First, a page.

Today’s tech, by nature, is designed to optimize a user’s experience, streamline processes, and do it as inexpensively as possible. Lyft, Uber, Airbnb, you name it. That’s the point of technology. Tech has revolutionized the world because a user cares about these things and entrepreneurs can now easily build services that unlock whole new ways of doing things. So, what does this mean for healthcare? … Continue reading Better, faster, cheaper— but for whom?
When you’ve got a health issue, it’s a 3 day, 3 week, or sometimes, an every day for the rest of your life ordeal. An office visit with a doctor is a 10 minute tiny snapshot of that ordeal. And if something changes or you have more questions, there’s no way to reconnect without another appointment. Your doctor, and always the same doctor, should be … Continue reading What could that notification mean?
Yesterday, I spoke at the School of Visual Arts MFA Interaction Design Program here in NYC. Liz Danzico, creative director of NPR, is the chair and founder of the program. Every month, they have special guests speak with the students about how design impacts their company or product. A little over 11 years ago, I launched my first practice that was a bit like Marcus … Continue reading “Why haven’t you quit?”
Any time a healthcare innovation gains traction, the old guard screams “show me the data that proves this new thing is better!” And then the press jumps in and starts trolling everyone because controversy drives clicks and page views and revenue, and trolling is today’s business model for the press. Here’s the latest example: Leapfrog, a group that rates hospitals, is going to start rating … Continue reading The old guard’s definition of the gold standard is the primary reason why healthcare innovations flounder.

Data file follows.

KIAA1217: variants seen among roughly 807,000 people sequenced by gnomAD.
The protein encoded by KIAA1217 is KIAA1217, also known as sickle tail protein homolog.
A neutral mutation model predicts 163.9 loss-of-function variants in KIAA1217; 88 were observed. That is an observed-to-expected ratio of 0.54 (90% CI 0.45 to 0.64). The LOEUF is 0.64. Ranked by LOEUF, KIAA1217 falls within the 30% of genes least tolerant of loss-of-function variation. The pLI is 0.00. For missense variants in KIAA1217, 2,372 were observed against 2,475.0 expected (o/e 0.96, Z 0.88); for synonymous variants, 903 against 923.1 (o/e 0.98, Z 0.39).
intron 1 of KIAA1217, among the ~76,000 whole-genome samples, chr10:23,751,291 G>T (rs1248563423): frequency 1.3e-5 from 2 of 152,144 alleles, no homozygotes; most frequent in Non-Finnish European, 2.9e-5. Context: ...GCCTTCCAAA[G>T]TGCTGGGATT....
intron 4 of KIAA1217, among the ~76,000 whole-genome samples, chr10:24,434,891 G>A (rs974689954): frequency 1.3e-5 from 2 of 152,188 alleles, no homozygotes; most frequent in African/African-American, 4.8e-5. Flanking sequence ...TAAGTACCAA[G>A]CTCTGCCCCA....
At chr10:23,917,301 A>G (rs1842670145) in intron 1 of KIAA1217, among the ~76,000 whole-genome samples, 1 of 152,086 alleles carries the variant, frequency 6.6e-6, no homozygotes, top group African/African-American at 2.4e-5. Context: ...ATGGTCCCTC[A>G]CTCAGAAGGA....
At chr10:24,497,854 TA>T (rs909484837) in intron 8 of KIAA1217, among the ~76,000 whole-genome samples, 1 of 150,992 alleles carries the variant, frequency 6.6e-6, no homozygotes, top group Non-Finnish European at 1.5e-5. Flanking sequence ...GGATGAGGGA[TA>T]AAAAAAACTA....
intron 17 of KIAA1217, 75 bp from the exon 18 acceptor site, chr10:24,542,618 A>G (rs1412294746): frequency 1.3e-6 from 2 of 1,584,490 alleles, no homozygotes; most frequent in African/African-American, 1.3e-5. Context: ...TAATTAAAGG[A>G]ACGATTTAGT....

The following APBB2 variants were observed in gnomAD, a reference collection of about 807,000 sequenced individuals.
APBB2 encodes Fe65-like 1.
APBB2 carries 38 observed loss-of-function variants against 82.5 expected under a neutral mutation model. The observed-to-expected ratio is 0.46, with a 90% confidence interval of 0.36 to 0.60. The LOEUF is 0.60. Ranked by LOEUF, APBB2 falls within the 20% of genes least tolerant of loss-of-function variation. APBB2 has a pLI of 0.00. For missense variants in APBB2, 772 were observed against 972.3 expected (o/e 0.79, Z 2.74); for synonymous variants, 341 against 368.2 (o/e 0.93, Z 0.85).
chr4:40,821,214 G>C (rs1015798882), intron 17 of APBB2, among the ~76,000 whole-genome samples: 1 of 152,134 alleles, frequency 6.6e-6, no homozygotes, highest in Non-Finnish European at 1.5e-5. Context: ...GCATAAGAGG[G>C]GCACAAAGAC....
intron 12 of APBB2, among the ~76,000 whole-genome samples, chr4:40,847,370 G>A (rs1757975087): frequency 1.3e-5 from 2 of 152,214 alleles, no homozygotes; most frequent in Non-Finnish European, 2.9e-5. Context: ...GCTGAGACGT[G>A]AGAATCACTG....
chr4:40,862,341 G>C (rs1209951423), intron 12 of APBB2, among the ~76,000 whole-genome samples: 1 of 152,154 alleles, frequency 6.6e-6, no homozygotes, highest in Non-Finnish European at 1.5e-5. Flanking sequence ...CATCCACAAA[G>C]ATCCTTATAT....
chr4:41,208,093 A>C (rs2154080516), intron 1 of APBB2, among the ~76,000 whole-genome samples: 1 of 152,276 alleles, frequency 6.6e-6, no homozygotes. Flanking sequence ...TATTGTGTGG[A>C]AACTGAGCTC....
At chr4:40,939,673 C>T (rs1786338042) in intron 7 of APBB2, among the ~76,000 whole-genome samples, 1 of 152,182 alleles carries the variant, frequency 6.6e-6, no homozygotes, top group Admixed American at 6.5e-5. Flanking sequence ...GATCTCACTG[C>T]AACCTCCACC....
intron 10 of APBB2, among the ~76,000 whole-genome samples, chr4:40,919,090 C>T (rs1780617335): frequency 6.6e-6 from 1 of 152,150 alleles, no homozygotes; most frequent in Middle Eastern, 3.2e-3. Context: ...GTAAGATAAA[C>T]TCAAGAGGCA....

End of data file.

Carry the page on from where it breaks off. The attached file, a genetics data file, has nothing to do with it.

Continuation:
Last week, I spoke at a telehealth conference at Stony Brook University. Here’s my first slide: Here’s why. Sixteen years in, the industry leader did 1.1 million visits in the past 12 months. To put this in perspective, there are 1.1 billion doctor visits per year in America. A recent study also showed that, out of 20 million people, 0.51% of them filed a telehealth … Continue reading Telehealth vs. Urgent Care: Who is the clear winner?
Say there’s someone in your own company in a different city and you’re working on the same project together or maybe someone you met online due to a shared interest and you converse with these folks regularly, but only on Facebook or Twitter or LinkedIn. But after communicating with them enough and reading their emails or posts, one day you think to yourself, “my goodness, … Continue reading There’s a new kind of relationship
I’ve been thinking a lot about the collapse of healthcare recently and what it’s going to look like. So I’ve been talking to a lot of people about it. Both people in and outside the industry. Here’s what I’ve concluded: The collapse is currently happening. It’s more severe than anyone thinks. And it’s starting with the middle/upper class entrepreneurs and gig workers. Think about these … Continue reading Healthcare is collapsing. Now. And it’s worse than people think.